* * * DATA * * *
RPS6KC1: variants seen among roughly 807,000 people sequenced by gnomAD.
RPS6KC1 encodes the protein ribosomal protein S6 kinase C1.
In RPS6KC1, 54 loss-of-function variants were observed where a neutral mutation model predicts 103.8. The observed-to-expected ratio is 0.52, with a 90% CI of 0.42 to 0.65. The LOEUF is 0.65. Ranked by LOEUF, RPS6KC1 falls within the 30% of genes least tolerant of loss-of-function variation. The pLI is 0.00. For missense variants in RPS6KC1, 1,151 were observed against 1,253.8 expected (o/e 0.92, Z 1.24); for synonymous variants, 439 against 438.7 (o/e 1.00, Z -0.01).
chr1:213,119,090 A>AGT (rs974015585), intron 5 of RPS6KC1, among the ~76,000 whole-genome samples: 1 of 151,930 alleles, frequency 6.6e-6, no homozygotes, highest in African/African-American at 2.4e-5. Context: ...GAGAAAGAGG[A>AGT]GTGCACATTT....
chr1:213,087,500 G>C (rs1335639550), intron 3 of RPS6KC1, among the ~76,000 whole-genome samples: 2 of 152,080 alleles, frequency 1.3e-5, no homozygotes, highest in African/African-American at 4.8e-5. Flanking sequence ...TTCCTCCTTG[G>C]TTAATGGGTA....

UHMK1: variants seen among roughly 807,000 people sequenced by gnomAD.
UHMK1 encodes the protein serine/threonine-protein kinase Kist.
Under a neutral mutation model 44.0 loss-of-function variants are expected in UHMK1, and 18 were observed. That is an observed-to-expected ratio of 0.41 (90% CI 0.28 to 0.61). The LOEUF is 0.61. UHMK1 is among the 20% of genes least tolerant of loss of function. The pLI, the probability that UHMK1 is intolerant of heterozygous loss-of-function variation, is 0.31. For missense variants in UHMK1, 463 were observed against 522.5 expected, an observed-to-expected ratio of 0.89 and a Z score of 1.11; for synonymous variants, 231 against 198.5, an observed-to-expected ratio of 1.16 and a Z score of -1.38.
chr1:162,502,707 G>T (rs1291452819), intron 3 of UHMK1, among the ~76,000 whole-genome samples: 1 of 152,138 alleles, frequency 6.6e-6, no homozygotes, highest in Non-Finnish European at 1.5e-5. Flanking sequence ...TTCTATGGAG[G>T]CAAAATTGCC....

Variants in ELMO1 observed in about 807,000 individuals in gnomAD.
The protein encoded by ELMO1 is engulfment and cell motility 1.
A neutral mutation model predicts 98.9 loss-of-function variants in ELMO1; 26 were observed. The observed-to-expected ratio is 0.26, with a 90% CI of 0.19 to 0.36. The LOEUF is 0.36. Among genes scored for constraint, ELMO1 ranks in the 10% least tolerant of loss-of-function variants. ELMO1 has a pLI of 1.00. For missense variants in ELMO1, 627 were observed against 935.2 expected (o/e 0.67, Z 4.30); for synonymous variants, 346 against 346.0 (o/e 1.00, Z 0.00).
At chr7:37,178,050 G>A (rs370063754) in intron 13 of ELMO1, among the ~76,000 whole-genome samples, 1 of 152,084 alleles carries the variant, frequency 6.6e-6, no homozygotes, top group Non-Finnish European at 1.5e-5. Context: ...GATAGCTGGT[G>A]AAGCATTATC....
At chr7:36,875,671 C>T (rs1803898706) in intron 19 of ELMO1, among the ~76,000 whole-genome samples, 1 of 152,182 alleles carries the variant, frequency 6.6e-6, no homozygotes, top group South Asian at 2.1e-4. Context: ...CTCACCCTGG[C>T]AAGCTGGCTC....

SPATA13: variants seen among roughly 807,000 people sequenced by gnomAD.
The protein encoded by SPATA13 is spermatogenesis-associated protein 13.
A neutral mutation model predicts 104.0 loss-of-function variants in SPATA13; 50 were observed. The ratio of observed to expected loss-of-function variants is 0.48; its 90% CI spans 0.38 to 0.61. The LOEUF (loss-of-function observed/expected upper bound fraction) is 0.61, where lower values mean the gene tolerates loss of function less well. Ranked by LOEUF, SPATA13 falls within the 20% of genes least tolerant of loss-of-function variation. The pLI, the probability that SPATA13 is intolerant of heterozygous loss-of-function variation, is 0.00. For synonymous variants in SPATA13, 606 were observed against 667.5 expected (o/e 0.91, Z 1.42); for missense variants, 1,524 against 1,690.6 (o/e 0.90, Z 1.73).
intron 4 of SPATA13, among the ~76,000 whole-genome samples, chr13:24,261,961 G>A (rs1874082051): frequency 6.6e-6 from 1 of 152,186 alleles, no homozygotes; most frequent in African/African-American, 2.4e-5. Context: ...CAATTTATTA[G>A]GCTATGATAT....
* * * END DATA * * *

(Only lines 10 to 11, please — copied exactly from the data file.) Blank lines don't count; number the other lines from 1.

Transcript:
Variants in ELMO1 observed in about 807,000 individuals in gnomAD.
The protein encoded by ELMO1 is engulfment and cell motility 1.